August 14, 2019 @ 6:46 AM


From Davis Phinney Foundation newsletter dated 7/27/2019

Exercise is essential for improving quality of life with Parkinson's, but where does cycling fit in and why do we see so much of it?

In 2003 Jay Alberts, PhD, Cleveland Clinic, was riding RAGBRAI (happening this week!) on a tandem bicycle with Cathy, a person with Parkinson’s. After they had been riding together for a few days, he noticed a significant improvement in her symptoms. This led Dr. Alberts to wonder whether exercise, specifically cycling, helped improve function for a person living with Parkinson’s.

This discovery served as the inspiration for a groundbreaking research study by Dr. Alberts and movement disorder neurologist, Dr. Bas Bloem of Radboud University. Funded by the Davis Phinney Foundation, the outcome of this research reversed the common practice of prescribing rest for Parkinson’s. 

Now, nine years later, exercise to manage Parkinson's symptoms is one of the best ways to live well today. But what about cycling specifically?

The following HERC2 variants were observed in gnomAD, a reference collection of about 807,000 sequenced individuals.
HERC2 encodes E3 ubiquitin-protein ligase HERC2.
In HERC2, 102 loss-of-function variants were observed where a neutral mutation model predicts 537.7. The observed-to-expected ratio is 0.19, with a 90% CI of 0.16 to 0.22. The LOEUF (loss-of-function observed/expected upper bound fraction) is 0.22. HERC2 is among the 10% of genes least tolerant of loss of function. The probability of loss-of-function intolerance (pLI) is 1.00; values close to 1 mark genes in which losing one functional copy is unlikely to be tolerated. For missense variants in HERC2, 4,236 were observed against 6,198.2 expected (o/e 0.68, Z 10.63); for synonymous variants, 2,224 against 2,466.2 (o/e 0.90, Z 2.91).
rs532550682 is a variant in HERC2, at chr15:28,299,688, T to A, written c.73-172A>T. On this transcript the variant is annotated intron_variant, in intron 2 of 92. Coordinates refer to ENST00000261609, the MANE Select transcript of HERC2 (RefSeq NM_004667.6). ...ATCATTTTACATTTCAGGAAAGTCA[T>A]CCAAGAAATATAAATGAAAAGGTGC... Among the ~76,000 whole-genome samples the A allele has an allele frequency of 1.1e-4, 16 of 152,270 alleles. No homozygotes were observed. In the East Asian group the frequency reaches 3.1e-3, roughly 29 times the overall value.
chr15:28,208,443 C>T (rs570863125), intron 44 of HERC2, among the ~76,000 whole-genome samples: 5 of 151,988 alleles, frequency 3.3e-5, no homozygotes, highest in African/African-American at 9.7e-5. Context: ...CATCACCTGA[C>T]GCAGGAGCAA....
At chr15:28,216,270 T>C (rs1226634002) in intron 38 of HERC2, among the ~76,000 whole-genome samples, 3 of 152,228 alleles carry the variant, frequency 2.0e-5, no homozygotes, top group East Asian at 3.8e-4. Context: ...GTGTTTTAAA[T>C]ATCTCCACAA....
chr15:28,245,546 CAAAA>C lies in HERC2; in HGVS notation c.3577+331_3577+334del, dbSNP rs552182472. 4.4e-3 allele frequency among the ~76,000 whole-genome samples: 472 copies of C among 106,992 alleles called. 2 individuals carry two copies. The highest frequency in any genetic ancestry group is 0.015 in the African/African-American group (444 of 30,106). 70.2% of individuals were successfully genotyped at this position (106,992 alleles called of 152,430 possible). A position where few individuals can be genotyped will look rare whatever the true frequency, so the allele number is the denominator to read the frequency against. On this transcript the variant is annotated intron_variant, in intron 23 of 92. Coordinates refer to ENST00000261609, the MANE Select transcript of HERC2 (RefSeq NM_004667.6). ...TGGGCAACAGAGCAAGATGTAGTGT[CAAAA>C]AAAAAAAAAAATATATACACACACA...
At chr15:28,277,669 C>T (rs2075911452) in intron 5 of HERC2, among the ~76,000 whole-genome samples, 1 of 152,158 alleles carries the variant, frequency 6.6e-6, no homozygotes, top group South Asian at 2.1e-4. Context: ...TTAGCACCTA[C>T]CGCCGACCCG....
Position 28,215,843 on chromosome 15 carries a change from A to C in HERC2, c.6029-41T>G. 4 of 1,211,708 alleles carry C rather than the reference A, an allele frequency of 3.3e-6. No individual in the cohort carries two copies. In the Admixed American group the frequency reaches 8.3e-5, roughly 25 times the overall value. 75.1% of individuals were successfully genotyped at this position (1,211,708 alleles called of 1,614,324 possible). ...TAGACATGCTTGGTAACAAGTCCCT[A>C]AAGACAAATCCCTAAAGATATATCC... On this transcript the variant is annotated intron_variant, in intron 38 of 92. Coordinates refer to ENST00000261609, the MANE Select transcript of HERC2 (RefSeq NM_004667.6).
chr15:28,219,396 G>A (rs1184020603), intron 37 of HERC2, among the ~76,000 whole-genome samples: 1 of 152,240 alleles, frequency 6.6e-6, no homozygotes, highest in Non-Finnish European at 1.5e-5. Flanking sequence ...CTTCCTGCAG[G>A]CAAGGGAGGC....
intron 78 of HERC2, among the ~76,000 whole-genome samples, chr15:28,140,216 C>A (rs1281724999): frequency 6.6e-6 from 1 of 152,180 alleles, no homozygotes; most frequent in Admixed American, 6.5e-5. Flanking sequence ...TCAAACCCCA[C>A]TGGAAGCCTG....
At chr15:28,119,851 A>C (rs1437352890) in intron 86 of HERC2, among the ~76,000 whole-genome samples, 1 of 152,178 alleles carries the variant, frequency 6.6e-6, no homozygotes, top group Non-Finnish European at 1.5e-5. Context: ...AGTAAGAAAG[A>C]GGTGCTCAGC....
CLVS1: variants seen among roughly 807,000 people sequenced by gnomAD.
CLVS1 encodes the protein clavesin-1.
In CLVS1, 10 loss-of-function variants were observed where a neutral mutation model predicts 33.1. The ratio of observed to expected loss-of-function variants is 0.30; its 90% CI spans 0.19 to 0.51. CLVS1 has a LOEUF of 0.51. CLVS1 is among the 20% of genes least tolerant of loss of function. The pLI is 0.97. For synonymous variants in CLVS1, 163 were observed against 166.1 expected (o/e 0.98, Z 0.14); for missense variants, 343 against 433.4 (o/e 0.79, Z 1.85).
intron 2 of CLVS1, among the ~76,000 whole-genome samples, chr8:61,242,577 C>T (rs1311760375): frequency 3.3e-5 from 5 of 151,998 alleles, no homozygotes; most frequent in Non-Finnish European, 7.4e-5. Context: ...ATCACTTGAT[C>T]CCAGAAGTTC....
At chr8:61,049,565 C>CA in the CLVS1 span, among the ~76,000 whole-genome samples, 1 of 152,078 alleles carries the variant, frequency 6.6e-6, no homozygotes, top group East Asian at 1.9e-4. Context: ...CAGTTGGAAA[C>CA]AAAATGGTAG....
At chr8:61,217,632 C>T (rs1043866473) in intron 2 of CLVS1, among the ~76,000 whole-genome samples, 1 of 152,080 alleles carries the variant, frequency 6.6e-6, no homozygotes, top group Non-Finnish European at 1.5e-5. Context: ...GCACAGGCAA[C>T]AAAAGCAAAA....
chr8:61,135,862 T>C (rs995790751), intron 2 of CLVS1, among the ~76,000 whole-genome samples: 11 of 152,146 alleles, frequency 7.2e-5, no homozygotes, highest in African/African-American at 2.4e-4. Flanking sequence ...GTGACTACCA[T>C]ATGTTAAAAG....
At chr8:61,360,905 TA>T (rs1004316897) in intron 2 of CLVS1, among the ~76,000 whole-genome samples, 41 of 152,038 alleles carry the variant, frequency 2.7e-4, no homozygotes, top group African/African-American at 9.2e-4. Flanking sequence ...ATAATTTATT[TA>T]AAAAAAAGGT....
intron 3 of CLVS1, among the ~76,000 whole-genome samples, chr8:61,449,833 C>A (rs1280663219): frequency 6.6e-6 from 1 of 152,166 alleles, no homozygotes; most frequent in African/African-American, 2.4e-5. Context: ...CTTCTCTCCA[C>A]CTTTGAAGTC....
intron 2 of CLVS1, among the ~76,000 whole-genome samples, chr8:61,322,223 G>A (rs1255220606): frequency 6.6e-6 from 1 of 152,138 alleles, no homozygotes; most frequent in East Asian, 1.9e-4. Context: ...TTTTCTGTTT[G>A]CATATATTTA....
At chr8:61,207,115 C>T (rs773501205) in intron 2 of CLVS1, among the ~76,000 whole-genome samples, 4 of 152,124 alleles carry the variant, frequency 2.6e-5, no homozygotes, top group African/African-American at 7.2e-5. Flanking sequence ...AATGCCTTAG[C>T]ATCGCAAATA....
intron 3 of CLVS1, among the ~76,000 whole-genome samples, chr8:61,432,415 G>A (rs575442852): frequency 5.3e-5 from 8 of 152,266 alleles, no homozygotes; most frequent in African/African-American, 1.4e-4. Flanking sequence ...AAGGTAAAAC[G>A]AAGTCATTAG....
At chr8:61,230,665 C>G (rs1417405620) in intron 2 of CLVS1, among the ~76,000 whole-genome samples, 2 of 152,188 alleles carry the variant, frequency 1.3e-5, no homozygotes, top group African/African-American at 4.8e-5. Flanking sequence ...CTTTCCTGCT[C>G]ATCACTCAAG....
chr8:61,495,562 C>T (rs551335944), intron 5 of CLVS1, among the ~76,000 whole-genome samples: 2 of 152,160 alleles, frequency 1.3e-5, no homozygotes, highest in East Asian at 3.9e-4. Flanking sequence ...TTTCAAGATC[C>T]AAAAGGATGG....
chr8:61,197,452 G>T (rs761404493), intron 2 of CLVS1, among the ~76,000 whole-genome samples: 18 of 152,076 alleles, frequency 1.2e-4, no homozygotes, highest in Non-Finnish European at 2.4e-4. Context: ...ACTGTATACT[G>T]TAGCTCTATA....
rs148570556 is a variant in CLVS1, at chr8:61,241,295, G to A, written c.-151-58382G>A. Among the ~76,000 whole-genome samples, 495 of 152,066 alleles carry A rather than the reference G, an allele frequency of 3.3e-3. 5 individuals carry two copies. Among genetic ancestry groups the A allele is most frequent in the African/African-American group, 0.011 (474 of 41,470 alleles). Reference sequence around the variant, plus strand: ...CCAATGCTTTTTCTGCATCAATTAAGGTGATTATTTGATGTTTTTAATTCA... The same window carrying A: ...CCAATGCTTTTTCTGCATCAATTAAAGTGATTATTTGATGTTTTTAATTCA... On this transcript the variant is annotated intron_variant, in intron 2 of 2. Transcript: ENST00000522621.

Depending upon pace and intensity, cycling has been shown to: 

  • Improve overall motor function 
  • Reduce tremor
  • Reduce bradykinesia
  • Reduce rigidity
  • Improve aerobic capacity
  • Improve mood
  • Improve cognitive function
  • Increase joy and social connections
  • Decrease UPDRS scores (Unified Parkinson’s Disease Rating Scale)

Research on cycling for Parkinson's is ongoing. One of the grants the Foundation funded last year is for research Dr. Anson Rosenfeldt and Dr. Jay Alberts are conducting to examine if Pedaling for Parkinson’s (an existing, low-cost indoor cycling program hosted by YMCAs) can slow Parkinson’s progression. This project also aims to identify which individuals respond the most (more slowing of disease progression) to this type of exercise.